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Perle is Truly a Gem

Fancy yet fun, this new Montclair bistro and wine bar has it all.


Fox Island mussels stewed with fennel sausage, shallots, tomato, and garlic.

A little after 9 p.m. on a recent Thursday, Perle Wine Bar was in full swing, and a crisply dressed Marcus Garcia marched into his restaurant, making a beeline for our table. Startled at first, I soon realized he was just angling for the dimmer switch behind me. To Garcia’s eye, Perle’s flashy dining room needed a little softening. 

Still, Garcia—a father of four who lives in Concord—made us feel particularly special and part of a select crowd. “I’m opening a three-liter bottle,” said the restaurant co-owner and sommelier, after drawing us into relaxed conversation and asking if we’d care for champagne. “I’m pouring a glass for everyone.”

As the assistant manager at Prima Ristorante in Walnut Creek for five years and the wine director at Fleur de Lys in San Francisco for more than a decade, Garcia has cultivated a deep knowledge of wine, while great customer service comes from instinct. A keen eye for detail balances his larger-than-life personality. (The moment I broke out my credit card, for instance, he disengaged from a lively group at the bar to retrieve our check.) 

On my first visit—arriving at 5:31 p.m.—the suave Garcia and marble-accented dining room felt disturbingly posh—better suited to Hollywood or Vegas than Montclair Village. Greeted by a beaming, French-accented waiter, we felt a little bit self-conscious. But as the restaurant filled, we fully relaxed, and by the time the food arrived, we were completely sold on the concept. Because Perle’s biggest superstar, it turns out, is chef and co-owner Robert Lam.

Beef tartare topped with truffle pearls, and a split-roasted marrowbone adorned with herbs and flowers.

Our first appetizer brought split-roasted marrowbone showered in vibrant green herbs and purple flower petals. On the same plate, lying in wait, a circle of beef tartare came dotted with caviar-sized “pearls” of truffle juice (a spherical trick of molecular gastronomy). We spread both meat and marrow on the accompanying toast points, and then turned to the breadbasket. And once the bone was wiped clean and the last bit of pristine steak consumed, we slathered the remaining bread with Lam’s tangy house-turned butter, with its hint of roasted garlic and sprinkle of pink peppercorns.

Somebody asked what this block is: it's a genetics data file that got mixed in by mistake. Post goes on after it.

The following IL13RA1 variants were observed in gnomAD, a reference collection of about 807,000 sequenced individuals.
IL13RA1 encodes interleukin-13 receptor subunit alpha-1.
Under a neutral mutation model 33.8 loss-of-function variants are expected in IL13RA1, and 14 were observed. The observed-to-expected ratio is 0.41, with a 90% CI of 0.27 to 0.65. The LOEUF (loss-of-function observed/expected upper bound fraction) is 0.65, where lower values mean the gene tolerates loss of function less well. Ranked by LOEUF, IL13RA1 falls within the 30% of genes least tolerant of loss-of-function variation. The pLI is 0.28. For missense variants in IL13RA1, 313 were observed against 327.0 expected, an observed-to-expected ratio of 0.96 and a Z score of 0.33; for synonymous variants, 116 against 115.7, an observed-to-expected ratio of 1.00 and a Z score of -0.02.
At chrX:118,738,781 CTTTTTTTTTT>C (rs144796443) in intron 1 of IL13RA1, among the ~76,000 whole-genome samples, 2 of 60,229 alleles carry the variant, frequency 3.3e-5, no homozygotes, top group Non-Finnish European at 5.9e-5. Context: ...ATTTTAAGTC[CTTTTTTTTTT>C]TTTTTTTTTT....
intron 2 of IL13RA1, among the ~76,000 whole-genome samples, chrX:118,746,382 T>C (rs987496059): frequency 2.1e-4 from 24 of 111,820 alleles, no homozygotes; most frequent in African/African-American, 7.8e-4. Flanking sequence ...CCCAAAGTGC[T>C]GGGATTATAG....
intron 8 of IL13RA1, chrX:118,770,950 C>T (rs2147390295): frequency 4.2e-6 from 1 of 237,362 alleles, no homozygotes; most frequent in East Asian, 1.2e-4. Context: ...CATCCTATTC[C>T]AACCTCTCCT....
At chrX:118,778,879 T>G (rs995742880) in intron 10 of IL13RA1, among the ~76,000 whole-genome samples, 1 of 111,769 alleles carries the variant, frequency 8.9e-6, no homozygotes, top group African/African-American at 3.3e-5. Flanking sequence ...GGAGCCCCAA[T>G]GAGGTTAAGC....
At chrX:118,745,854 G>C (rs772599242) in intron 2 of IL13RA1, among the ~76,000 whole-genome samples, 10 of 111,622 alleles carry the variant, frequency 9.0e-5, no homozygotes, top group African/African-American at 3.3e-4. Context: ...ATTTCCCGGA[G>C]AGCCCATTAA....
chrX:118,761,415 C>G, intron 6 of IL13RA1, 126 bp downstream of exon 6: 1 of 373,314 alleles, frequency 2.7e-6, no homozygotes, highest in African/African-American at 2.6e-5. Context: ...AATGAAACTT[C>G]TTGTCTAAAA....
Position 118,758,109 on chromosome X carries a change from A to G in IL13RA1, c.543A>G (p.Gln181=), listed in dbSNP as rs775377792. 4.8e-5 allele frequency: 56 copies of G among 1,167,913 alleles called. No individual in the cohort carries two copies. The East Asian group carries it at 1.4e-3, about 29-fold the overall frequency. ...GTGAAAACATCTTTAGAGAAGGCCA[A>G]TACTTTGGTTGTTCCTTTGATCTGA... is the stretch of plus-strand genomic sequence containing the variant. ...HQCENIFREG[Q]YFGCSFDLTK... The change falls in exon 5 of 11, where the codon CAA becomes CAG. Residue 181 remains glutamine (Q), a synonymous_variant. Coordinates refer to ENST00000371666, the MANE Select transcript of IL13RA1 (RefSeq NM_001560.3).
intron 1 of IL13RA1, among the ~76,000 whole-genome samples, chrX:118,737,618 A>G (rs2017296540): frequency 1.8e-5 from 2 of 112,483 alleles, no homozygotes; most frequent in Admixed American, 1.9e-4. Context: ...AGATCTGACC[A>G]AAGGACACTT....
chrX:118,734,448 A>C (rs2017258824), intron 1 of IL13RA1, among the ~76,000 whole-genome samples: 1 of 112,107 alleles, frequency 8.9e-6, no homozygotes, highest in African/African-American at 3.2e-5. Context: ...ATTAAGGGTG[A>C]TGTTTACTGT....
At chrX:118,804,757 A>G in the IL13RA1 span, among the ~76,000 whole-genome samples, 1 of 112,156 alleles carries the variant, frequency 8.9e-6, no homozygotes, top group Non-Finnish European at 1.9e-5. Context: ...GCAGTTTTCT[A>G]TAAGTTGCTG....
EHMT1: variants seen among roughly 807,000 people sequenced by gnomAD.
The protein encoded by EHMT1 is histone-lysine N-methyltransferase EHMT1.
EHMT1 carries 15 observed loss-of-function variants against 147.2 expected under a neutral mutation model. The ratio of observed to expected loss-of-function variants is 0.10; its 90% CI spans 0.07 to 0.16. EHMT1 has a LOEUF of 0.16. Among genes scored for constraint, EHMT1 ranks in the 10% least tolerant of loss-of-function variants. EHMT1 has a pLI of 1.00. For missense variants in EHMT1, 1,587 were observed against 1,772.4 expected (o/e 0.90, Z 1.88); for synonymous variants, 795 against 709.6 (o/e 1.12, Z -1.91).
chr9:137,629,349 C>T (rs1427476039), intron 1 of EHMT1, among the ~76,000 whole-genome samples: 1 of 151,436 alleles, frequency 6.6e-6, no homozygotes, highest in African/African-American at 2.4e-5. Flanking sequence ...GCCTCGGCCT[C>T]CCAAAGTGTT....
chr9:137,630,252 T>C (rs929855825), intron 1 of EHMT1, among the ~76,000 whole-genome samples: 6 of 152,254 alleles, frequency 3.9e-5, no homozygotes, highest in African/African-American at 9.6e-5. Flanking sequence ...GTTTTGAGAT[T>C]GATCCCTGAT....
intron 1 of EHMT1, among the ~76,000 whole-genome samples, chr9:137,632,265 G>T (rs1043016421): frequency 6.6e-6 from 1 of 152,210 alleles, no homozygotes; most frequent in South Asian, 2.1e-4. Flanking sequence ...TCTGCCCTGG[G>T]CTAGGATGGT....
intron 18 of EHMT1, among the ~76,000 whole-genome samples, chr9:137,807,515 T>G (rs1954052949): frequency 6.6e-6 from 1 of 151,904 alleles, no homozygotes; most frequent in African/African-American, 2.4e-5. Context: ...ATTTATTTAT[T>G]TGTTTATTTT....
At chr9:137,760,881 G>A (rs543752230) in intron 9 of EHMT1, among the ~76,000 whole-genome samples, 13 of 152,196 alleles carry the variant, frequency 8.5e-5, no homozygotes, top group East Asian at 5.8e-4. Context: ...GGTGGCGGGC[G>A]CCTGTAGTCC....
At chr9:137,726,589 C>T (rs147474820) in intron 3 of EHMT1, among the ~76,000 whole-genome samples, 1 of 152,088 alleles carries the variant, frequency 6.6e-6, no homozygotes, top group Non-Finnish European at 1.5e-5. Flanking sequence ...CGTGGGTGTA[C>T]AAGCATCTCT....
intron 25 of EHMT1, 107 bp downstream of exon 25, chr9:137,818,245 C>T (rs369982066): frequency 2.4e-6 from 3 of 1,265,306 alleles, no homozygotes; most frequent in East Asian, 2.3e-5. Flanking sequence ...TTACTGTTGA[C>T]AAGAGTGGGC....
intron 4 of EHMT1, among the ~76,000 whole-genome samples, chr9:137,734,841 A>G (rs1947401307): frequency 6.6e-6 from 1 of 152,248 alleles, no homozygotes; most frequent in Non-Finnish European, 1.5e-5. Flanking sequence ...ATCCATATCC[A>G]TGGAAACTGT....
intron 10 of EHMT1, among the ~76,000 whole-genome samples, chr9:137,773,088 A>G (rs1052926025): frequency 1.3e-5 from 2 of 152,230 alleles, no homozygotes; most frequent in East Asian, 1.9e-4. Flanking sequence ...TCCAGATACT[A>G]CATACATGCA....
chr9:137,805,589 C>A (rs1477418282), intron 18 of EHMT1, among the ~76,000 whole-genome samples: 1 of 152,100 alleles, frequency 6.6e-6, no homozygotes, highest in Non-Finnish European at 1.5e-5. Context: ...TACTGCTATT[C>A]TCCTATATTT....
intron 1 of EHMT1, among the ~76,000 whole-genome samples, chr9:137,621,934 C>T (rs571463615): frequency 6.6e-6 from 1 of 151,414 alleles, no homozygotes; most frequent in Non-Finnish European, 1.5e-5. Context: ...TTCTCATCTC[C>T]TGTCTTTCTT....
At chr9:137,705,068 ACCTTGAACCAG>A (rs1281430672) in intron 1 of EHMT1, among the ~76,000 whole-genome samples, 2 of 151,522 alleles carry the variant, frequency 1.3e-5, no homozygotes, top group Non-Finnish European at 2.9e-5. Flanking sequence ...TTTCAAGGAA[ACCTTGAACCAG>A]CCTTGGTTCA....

Dish after dish made an impression. Raw oysters opened their shells to ocean-fresh uni and brûléed foie gras, creating a creamy umami sensation. It was “Suprême,” just as the oyster dish is called.

 My favorite creation, however, was a bowl of plump Fox Island mussels stewed with shallots, garlic, and tomato; deglazed with Pernod; and garnished with cubes of just-fried French bread—a brilliant touch. Streaks of saffron rouille, a flutter of fresh dill, and juicy spheres of fennel sausage added layers of flavor. 

Lam, who sold his Asian-fusion restaurant, Butterfly, in San Francisco after running it for 17 years, is having a blast cooking French Mediterranean. (He staged at Acquerello in San Francisco during Perle’s remodel to hone up on his Italian cooking, and his refined pastas prove it.) And he is a consistently relaxed presence in the dining room, delivering plates and checking in with guests. 

Marcus Garcia and Robert Lam

Despite the foie gras and four-figure Bordeaux and Burgundies, Perle is a venture in fun—as much a drop-in neighborhood wine bar as a fine-dining foray. The menu includes a French onion dip burger and charcuterie “snacks,” such as a meaty slab of tête de cochon (an aspic-bound blend of flavorful Berkshire and Kurobuta pork)—just a couple of the inexpensive options. And all the wine-friendly small plates—we adored the gorgeous house-smoked salmon toasts and deviled eggs topped with fried oysters—lend the 46-seat Perle (including 11 at the marble bar) a casual air.  

Many of the hundreds of wines on the list are priced in the $40 range per bottle, and a wide selection of wines and champagnes are available by the glass or 2.5-ounce tastes. On our visit, even the most expensive glass (priced at $39—a local shout-out to Livermore’s Steven Kent) was still a tremendous value; the 2012 Lineage retails for around $150 a bottle.   

Having opened on a bit of a shoestring and being overwhelmed with walk-ins during its opening weeks, Perle did fall short of Michelin-star status. Some of the accessories needed replacing, and toward the end of the night—when the tiny exhibition kitchen was slammed—our plates of lush onglet steak and sous vide poulet rôti were not as precisely presented as Lam would have hoped, I’m sure.   

But if there are any vulnerabilities, they only add to Perle’s humanity. (The restaurant’s name is inspired by champagne beads, oysters, and other gems of the sea.) This is a one-of-a-kind restaurant whose owners are probably the most likable geniuses you’ll ever meet.   

And where else are you going to get a free glass of Pol Roger champagne, along with a backstory of how it was Winston Churchill’s favorite? 

2058 Mountain Blvd., Oakland, (510) 808-7767, perlewinebar.com. Dinner Tues.–Sat., brunch Sun.


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